Ontario conducting far fewer COVID-19 tests than promised as cases keep climbing

The number of COVID-19 tests completed in Ontario each day has dwindled steadily over the past week, raising concerns that the province is failing to capture the true spread of the coronavirus.

Province had promised 5,000 tests by end of March but had done only 3,237 as of Wednesday

Ontario can now process some 13,000 tests per day between public laboratories like this one and private labs. However, the number of tests being conducted each day is far fewer than that. (Craig Chivers/CBC)

The number of COVID-19 tests completed in Ontario each day has dwindled steadily over the past week, raising concerns that the province is missing cases of the illness and failing to capture the true spread of the novel coronavirus. 

Data from the Ministry of Health shows there were just 2,568 new test results provided on Tuesday. That's roughly half the daily target of 5,000 that the government promised to achieve in late March, and far short of the 19,000 tests per day promised for the third week of April. 

The slower-than-promised pace continued Wednesday, with Ontario announcing 3,237 new test results.

To best combat the spread of COVID-19, experts in public health and epidemiology say Ontario needs to be testing more rather than less. 

"I am a little bit concerned that we don't have a very good handle of what's happening with this epidemic right now," Dr. Jeff Kwong, a professor of public health and family medicine at the University of Toronto, told CBC News.

"If we can identify more of the cases that are in the community it will help give us a better idea of what's going on." 

Ontario is testing a smaller portion of its population than anywhere else in Canada. Quebec, B.C. and Alberta are each testing at double the province's rate. 

The reason for the shortfall appears to be that Ontario continues to restrict who gets tested by recommending against testing people who have not recently travelled internationally, even if they have symptoms of COVID-19.   

"It's possible that there are more people out there who have this infection that we're not aware of, and they may be spreading it on to their contacts," said Kwong. 

Ontario is giving priority for testing to hospital patients, nursing-home residents and health-care workers. Despite that, Public Health Ontario laboratories struggled to keep up with the volume of tests in March, leading to a backlog that peaked at nearly 11,000 people waiting for their results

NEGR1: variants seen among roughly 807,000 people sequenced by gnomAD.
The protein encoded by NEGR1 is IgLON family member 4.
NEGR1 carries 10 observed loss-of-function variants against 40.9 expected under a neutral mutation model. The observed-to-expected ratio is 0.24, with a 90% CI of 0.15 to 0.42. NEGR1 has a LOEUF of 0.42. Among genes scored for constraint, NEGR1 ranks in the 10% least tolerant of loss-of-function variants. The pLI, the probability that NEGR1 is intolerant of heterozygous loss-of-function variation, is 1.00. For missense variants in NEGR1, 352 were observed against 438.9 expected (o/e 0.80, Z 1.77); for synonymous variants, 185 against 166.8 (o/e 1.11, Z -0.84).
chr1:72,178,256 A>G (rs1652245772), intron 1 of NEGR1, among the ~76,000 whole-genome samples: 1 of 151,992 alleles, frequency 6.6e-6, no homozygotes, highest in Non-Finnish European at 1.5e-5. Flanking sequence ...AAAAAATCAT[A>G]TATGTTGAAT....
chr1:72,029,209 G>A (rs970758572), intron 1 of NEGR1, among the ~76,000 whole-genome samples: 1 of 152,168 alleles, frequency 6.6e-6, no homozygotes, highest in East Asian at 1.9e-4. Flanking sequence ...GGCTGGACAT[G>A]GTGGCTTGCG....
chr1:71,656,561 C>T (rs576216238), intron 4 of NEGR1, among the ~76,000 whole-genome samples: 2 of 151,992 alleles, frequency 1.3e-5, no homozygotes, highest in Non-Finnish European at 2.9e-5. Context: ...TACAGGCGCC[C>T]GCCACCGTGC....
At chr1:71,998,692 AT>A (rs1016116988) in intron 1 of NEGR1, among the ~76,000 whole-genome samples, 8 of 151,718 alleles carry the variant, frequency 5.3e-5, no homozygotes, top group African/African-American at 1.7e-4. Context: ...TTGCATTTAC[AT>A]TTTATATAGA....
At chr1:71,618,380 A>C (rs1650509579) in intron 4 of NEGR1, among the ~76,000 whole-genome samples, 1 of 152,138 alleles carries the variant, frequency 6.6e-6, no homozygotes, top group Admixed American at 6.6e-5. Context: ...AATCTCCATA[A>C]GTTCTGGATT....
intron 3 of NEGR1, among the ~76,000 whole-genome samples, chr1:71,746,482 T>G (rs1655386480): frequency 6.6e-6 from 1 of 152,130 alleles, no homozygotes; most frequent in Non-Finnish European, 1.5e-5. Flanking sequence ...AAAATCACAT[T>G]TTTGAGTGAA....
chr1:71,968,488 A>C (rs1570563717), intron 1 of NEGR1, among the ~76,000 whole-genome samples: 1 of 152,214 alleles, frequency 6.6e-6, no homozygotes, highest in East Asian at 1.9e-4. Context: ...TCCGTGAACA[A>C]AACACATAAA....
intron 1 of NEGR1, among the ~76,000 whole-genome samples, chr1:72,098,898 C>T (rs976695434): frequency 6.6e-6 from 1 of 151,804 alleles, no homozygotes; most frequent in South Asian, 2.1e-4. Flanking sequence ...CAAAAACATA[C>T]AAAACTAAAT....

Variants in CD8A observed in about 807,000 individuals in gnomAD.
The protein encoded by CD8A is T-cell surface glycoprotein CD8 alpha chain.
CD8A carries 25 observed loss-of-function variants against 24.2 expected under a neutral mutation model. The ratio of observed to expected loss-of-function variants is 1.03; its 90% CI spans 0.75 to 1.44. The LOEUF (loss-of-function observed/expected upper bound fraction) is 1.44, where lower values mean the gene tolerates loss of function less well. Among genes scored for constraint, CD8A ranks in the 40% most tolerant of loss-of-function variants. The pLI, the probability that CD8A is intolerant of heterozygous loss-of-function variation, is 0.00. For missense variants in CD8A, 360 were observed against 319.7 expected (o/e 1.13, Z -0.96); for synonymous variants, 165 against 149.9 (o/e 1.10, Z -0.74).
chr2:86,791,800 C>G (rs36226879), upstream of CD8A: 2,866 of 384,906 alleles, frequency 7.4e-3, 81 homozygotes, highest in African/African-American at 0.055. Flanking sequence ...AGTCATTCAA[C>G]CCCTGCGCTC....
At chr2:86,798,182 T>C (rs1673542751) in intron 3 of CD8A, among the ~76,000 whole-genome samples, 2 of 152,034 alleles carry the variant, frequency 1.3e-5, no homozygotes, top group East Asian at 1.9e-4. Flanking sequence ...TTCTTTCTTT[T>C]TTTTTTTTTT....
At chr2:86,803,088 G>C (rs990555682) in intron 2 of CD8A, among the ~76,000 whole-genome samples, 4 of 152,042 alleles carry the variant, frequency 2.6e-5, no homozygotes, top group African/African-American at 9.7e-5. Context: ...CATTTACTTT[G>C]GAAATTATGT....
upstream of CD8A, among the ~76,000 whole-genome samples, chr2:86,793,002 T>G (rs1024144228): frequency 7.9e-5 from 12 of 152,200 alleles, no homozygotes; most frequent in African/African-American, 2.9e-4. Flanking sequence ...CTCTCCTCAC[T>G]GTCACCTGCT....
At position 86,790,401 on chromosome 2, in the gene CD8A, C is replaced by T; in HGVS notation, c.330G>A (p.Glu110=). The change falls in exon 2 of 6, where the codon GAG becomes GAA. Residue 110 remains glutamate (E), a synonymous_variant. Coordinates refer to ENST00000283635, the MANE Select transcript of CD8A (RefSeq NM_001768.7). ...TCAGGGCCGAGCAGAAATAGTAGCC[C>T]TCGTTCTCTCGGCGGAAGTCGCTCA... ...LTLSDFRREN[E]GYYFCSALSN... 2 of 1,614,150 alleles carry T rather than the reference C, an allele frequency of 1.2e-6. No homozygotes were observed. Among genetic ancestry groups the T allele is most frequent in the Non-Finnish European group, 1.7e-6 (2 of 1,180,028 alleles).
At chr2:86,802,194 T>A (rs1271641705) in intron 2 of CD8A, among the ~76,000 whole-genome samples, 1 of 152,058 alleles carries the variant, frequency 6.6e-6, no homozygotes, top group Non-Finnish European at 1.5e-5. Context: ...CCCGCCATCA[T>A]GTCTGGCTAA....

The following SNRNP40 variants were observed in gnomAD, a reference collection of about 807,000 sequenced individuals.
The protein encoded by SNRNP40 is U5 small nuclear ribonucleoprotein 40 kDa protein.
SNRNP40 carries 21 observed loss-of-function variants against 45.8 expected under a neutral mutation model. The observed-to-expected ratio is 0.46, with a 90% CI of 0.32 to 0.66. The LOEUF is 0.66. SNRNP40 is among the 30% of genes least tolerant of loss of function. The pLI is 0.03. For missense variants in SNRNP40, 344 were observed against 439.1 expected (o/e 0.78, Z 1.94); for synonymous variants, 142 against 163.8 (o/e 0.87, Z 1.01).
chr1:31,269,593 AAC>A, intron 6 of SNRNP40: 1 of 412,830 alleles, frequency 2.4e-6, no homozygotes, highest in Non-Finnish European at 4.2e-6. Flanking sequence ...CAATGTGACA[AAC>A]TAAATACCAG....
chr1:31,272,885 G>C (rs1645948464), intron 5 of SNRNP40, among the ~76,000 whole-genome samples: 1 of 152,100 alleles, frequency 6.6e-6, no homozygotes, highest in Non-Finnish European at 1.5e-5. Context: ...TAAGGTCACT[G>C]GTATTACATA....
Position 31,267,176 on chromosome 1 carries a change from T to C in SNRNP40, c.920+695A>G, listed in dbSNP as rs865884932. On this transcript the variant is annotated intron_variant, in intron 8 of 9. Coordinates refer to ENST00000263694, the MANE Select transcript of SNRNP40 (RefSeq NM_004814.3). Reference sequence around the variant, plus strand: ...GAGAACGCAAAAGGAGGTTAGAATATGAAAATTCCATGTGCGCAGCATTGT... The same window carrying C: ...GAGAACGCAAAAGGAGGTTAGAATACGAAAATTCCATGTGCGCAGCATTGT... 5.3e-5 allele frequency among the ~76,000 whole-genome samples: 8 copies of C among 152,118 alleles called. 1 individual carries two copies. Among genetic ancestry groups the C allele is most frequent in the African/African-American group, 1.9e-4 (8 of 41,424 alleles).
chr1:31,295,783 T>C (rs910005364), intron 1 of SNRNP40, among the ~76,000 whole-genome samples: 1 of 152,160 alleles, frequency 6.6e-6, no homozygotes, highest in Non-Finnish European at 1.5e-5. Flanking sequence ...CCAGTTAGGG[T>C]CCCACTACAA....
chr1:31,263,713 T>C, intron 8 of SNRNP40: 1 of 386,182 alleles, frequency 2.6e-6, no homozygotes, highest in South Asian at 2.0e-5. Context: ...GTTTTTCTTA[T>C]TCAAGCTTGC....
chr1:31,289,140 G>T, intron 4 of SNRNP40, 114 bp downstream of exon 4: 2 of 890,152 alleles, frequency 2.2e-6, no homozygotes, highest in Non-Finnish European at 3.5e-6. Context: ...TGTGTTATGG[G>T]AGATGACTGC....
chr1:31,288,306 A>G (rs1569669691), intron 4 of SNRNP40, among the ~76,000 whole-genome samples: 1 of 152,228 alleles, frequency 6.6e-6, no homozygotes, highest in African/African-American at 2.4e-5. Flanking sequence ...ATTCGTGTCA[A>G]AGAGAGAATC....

That backlog is now cleared with help from private labs, and officials — including the health minister and the province's associate medical officer of health — have said the public and private labs together can now process as many as 13,000 tests per day. 

Dr. Vanessa Allen is chief of medical microbiology at Public Health Ontario. She says new guidelines for testing are coming. (Craig Chivers/CBC)

But Ontario has not tested anywhere near that many people in a single day yet, and there are no signs of when it will ramp up testing to use the full lab capacity. 

One sign of how narrowly Ontario's testing is focused on the most likely cases: nearly 15 per cent of the test results announced on Tuesday were positive. Quebec's confirmed cases are running at about nine per cent of all tests, and in B.C. it's less than three per cent.

Ontario Health Minister Christine Elliott said she will soon announce plans for more testing of the most vulnerable populations, including residents of nursing and retirement homes. 

"We have developed a strategy in order to be able to increase that testing there," she told a news conference Tuesday. 

Provincial officials have been working on new guidelines for testing that will make the most difference on health-care outcomes, said Dr. Vanessa Allen, chief of medical microbiology for Public Health Ontario. 

"We want to be able to make the largest impact with the resources we have," Allen said in an interview with CBC News. 

"We have a responsibility to ramp up capacity so that we can get better tools for our response and a better picture of the epidemic." 


Mike Crawley

Senior reporter

Mike Crawley covers provincial affairs in Ontario for CBC News. He began his career as a newspaper reporter in B.C., filed stories from 19 countries in Africa as a freelance journalist, then joined the CBC in 2005. Mike was born and raised in Saint John, N.B.

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